Literature Club Holds First Meeting

Students during the first Literature Club meeting. PHOTO BY DALVIN LAW

Students during the first Literature Club meeting. PHOTO BY DALVIN LAW


Westminster’s newly-founded Literature Club hopes to extend creative appreciation on campus.

Westminster’s Literature Club, co-founded by seniors Jefferson Spears and Christian Jones, held its first meeting in Coulter Science Center on April 2 to promote an understanding of how literature of all forms is creative, influential and entertaining.

Organizers of the Literature Club emphasized that it is not just a book club. Literature is expressed and celebrated in many different ways. Those who would rather write a book instead of reading one, or those who prefer poetry over biographies, will find a place in the club.

The purpose of the Literature Club is to “provide readers with the time and space they need to enjoy and talk about their favorite pieces of literature, while aspiring writers will be given the forum they need for creating their own work and bouncing their ideas off other aspiring writers,” said Dr. Nathanial Leonard, the club’s faculty sponsor, in an email inviting students to the meeting. “Further, the club will assist writers in publishing their work.”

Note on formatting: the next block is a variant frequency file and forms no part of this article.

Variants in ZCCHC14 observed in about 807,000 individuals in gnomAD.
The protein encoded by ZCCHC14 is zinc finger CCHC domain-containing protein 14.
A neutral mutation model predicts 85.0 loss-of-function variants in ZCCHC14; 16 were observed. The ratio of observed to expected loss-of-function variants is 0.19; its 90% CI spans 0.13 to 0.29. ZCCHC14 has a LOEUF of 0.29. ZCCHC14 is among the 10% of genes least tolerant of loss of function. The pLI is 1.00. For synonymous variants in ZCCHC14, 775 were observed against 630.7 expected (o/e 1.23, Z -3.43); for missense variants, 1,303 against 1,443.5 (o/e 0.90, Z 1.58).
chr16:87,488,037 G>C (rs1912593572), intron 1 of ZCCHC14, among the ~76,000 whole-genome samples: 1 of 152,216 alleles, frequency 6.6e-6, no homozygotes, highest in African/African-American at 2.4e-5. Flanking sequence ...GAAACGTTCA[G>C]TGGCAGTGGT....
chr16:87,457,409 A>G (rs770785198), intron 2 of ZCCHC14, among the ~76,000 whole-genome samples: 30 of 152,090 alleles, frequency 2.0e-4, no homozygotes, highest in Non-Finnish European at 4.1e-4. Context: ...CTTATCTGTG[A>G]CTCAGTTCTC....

Club members will have the opportunity to connect to others of diverse backgrounds through movies, plays, novels, poetry, dramatic readings, and even sketches. At the meeting, many ideas were shared by a small but optimistic group of attendees.

Spears and Jones gave everyone a chance to say what they hope to experience while in the club. As expected, many students wanted to read and reflect on novels of all types, but other suggestions included round-robin, a collaborative and engaging form of storytelling, book based movie bashing, and character studies.

Those who attended the first meeting not only wanted to be a part of the club, but also said the wanted to see the club grow and prosper. They said they hope to see just how far their appreciation of the art form can take it, and be significant to the way people interpret what literature means.

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